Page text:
The business savvy social network LinkedIn can actually help you land a better job than the one you call home right now. I’m sure some of you have actually used it to help you find a job, in which case I hope you share your triumphs with the rest of us.
We’ve covered the importance of LinkedIn here (and here) (and here) before, but since the site has been enhanced so much in recent memory, it’s worth revisiting. Before I get into some of the features of LinkedIn that you should be taking advantage of, let’s get your profile polished up first.
The Importance of Your Profile
What you decide to make of your profile is up to you. It can be as active as your 2006 MySpace profile and just be another place on the Interwebs that collects dust, much like your “foodie” blog you started with your girlfriends after your 7th drunk brunch in as many weekends. Or you could actually use it to stay on top of job postings, industry news, and where your public buddies have gone since jumping ship.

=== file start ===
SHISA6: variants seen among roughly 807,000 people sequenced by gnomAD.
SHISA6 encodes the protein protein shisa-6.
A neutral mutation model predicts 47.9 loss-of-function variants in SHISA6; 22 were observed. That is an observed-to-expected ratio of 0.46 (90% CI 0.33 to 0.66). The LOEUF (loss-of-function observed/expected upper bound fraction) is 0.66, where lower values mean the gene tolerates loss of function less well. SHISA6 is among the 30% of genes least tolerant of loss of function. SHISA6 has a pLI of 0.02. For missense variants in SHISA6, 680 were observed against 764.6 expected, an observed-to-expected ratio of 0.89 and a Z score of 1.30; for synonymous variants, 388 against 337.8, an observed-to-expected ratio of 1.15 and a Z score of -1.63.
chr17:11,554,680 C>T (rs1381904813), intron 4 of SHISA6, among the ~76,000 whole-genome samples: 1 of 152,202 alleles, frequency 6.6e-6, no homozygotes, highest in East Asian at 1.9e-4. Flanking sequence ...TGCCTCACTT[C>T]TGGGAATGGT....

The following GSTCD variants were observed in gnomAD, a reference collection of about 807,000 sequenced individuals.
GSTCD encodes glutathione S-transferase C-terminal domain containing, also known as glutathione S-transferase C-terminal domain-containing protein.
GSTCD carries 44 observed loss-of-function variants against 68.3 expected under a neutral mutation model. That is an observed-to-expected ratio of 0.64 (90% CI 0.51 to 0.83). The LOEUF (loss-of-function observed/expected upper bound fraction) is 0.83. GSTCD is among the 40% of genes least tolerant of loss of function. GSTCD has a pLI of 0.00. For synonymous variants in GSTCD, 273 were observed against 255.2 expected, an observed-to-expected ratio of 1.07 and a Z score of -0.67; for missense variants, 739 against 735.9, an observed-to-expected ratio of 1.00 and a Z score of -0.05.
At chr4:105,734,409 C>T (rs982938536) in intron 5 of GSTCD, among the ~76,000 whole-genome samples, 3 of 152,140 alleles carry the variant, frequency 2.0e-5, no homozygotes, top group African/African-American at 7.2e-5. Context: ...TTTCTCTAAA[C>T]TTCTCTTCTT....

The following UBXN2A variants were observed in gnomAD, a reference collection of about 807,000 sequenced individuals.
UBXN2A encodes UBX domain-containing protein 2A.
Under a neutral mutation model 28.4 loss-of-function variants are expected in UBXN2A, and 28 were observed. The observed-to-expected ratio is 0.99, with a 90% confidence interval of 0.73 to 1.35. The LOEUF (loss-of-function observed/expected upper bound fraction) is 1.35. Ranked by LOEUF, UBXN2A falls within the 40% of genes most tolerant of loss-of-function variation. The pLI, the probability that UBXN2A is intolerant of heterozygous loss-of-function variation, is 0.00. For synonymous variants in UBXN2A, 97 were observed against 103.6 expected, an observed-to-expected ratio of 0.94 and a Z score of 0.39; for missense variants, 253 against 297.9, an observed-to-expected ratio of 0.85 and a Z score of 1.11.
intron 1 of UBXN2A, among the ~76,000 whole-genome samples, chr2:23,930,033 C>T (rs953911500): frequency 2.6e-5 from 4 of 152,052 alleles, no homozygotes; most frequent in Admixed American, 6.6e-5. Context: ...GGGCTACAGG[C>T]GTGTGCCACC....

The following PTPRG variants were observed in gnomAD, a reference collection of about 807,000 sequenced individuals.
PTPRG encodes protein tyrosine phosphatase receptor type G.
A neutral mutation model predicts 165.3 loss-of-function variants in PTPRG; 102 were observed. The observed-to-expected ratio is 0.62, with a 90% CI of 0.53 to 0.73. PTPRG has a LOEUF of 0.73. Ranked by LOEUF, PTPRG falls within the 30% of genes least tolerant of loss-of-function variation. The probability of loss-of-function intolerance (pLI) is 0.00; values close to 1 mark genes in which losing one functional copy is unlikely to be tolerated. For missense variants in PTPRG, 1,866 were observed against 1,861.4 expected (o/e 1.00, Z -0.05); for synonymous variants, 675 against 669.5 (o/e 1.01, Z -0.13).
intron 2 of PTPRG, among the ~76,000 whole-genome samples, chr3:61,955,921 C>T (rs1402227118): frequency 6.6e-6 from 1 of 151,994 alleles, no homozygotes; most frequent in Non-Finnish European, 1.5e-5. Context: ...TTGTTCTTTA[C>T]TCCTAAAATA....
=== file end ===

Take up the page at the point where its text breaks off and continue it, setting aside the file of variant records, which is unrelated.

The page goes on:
Remember: Everything on your profile acts as a searchable keyword. This is important to remember when you are listing details about your work experience. If you are trying to make yourself more visible to potential employers or recruiters, it is important to include relevant industry terms in your profile. More on this later.
Yes, LinkedIn is a “social” network and yes, it was “funny” when you wore a Borat-like onesie to your bud’s Vegas pool party, but that doesn’t mean the full-frontal shot deserves to be your profile picture on LinkedIn (or anywhere for that matter). If you are posting a picture (and I think you should) it should be more of a headshot than anything else. Recently promoted to manager and had your photo taken? Great, slap it up on LinkedIn too. A decent yet professional shot is the first step in humanizing your profile. Here’s a quick screenshot of some interns who are ahead of the curve:
Unsurprisingly, these photos are more professional than what’s going on over at KPMG these days.